Botanical Name: Agoseris glauca
Species: A. glauca
*Agoseris agrestis Osterh.
*Agoseris altissima Rydb.
*Agoseris apiculata Greene
*Agoseris aspera (Rydb.) Rydb.
*Agoseris dasycarpa Greene
*Agoseris eisenhoweri B.Boivin
*Agoseris isomeris Greene
*Agoseris lacera Greene
*Agoseris lanulosa Greene
*Agoseris lapathifolia Greene
Common Names: Pale agoseris, Prairie agoseris, Short-beaked agoseris, Mountain Dandelion, False agoseris
Habitat: Agoseris glauca is native to Western N. America – British Columbia to Manitoba, south to California and New Mexico. It grows on meadows and other open places at all elevations in moderately dry to moist or even wet soils.
Agoseris glauca is a perennial herb growing to 0.6 m (2ft) with varies in general appearance. It produces a basal patch of leaves of various shapes which may be as long as the plant is high. It is in flower from May to June, and the seeds ripen from June to August. The species is hermaphrodite (has both male and female organs) and is pollinated by Insects.
There is no stem but the plant flowers in a stemlike inflorescence which is sometimes erect, reaching heights near half a meter or taller. The flower head is one to three centimeters wide with layers of pointed phyllaries. The head is ligulate, bearing many yellow ray florets but no disc florets.
The fruit is an achene with a body up to a centimeter long and a pappus which may be almost 2 centimeters in length.
Leaves all basal, linear to broadly oblanceolate, 5-35 cm. long and 1-30 mm. wide, entire or toothed to laciniate-pinnatifid.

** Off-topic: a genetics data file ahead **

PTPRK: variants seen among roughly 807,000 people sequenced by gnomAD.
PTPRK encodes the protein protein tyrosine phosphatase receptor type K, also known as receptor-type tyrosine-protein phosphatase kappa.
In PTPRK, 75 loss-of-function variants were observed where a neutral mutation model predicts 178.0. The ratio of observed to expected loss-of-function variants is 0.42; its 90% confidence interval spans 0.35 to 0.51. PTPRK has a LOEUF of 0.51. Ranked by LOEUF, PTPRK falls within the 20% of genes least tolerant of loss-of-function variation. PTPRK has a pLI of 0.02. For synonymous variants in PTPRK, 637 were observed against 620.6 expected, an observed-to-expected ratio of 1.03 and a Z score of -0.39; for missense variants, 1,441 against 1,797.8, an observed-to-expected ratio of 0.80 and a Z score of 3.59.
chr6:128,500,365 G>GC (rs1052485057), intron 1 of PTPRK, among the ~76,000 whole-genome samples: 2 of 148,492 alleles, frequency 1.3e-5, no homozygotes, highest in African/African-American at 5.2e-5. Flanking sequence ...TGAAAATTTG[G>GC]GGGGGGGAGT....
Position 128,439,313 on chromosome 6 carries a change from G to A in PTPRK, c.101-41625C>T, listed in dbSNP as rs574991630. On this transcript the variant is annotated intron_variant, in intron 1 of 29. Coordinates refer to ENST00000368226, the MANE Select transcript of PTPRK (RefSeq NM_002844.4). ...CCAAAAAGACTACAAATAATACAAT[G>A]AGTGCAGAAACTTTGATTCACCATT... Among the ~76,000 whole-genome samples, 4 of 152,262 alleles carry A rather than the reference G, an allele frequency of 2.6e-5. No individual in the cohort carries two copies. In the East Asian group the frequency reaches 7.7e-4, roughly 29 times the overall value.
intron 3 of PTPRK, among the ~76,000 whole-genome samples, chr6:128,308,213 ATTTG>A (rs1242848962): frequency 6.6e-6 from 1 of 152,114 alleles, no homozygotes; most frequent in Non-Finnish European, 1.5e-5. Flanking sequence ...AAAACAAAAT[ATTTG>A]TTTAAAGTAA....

Head solitary on the scape; involucre 1-3 cm. high, the bracts imbricate or sub-equal, sharply pointed or blunt; corollas all ligulate, yellow.
Achene body 5-12 mm. long, gradually tapering to a stout beak marked with fine, parallel lines, the beak very short to as long as the body.
*Agoseris glauca var. dasycephala (Torr. & A. Gray) Jeps.
*Agoseris glauca var. glauca
Prefers full sun and a sandy or gravelly loam low in nutrients. The sub-species A. glauca villosa is used for its gum.
Seed – sow spring in a greenhouse. The seed usually germinates in 2 – 6 weeks at 15°c. As soon as the seedlings are large enough to handle, prick them out into individual pots and plant them out in the summer or late in the following spring. Division with care in spring. The plants do not like a lot of root disturbance so it is best to pot up the divisions and keep them in a cold frame or greenhouse until they are established.
Edible Uses: The solidified sap (latex) of the stem is chewed as a gum.
The following reports refer to the sub-species A. glauca dasycephala (Torr.&Gray.)Jepson. An infusion of the entire plant is used as a wash for sores and rashes. The milky latex is applied to warts in order to remove them. This requires constant applications over a period of weeks for it to be effective. A poultice made from the latex is applied to sores. An infusion of the root is used as a laxative.
A latex in the plant contains rubber, but not in sufficient quantities to make it commercially valuable.
Disclaimer : The information presented herein is intended for educational purposes only. Individual results may vary, and before using any supplement, it is always advisable to consult with your own health care provider.